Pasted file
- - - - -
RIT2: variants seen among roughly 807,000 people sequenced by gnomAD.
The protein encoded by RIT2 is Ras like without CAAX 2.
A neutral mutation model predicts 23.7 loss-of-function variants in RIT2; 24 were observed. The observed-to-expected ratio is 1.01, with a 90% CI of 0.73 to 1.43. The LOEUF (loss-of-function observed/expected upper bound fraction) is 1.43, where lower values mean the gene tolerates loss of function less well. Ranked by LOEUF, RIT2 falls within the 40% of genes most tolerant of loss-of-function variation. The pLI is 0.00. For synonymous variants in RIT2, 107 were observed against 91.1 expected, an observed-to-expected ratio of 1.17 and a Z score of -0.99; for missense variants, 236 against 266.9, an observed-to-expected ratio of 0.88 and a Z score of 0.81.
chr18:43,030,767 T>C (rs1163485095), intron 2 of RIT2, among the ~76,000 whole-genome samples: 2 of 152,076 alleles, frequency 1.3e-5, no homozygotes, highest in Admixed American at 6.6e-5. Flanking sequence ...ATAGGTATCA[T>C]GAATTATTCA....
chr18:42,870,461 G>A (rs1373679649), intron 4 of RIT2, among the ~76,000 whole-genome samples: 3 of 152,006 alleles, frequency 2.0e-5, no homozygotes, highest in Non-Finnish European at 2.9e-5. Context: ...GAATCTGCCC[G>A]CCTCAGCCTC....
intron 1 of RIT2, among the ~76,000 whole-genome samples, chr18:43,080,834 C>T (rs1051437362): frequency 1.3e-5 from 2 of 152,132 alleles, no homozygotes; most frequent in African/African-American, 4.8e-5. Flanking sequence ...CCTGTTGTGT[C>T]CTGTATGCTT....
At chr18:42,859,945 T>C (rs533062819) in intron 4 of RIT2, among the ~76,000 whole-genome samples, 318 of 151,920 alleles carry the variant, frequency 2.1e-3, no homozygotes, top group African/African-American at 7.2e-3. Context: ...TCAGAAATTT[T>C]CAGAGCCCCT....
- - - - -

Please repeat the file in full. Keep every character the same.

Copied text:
RIT2: variants seen among roughly 807,000 people sequenced by gnomAD.
The protein encoded by RIT2 is Ras like without CAAX 2.
A neutral mutation model predicts 23.7 loss-of-function variants in RIT2; 24 were observed. The observed-to-expected ratio is 1.01, with a 90% CI of 0.73 to 1.43. The LOEUF (loss-of-function observed/expected upper bound fraction) is 1.43, where lower values mean the gene tolerates loss of function less well. Ranked by LOEUF, RIT2 falls within the 40% of genes most tolerant of loss-of-function variation. The pLI is 0.00. For synonymous variants in RIT2, 107 were observed against 91.1 expected, an observed-to-expected ratio of 1.17 and a Z score of -0.99; for missense variants, 236 against 266.9, an observed-to-expected ratio of 0.88 and a Z score of 0.81.
chr18:43,030,767 T>C (rs1163485095), intron 2 of RIT2, among the ~76,000 whole-genome samples: 2 of 152,076 alleles, frequency 1.3e-5, no homozygotes, highest in Admixed American at 6.6e-5. Flanking sequence ...ATAGGTATCA[T>C]GAATTATTCA....
chr18:42,870,461 G>A (rs1373679649), intron 4 of RIT2, among the ~76,000 whole-genome samples: 3 of 152,006 alleles, frequency 2.0e-5, no homozygotes, highest in Non-Finnish European at 2.9e-5. Context: ...GAATCTGCCC[G>A]CCTCAGCCTC....
intron 1 of RIT2, among the ~76,000 whole-genome samples, chr18:43,080,834 C>T (rs1051437362): frequency 1.3e-5 from 2 of 152,132 alleles, no homozygotes; most frequent in African/African-American, 4.8e-5. Flanking sequence ...CCTGTTGTGT[C>T]CTGTATGCTT....
At chr18:42,859,945 T>C (rs533062819) in intron 4 of RIT2, among the ~76,000 whole-genome samples, 318 of 151,920 alleles carry the variant, frequency 2.1e-3, no homozygotes, top group African/African-American at 7.2e-3. Context: ...TCAGAAATTT[T>C]CAGAGCCCCT....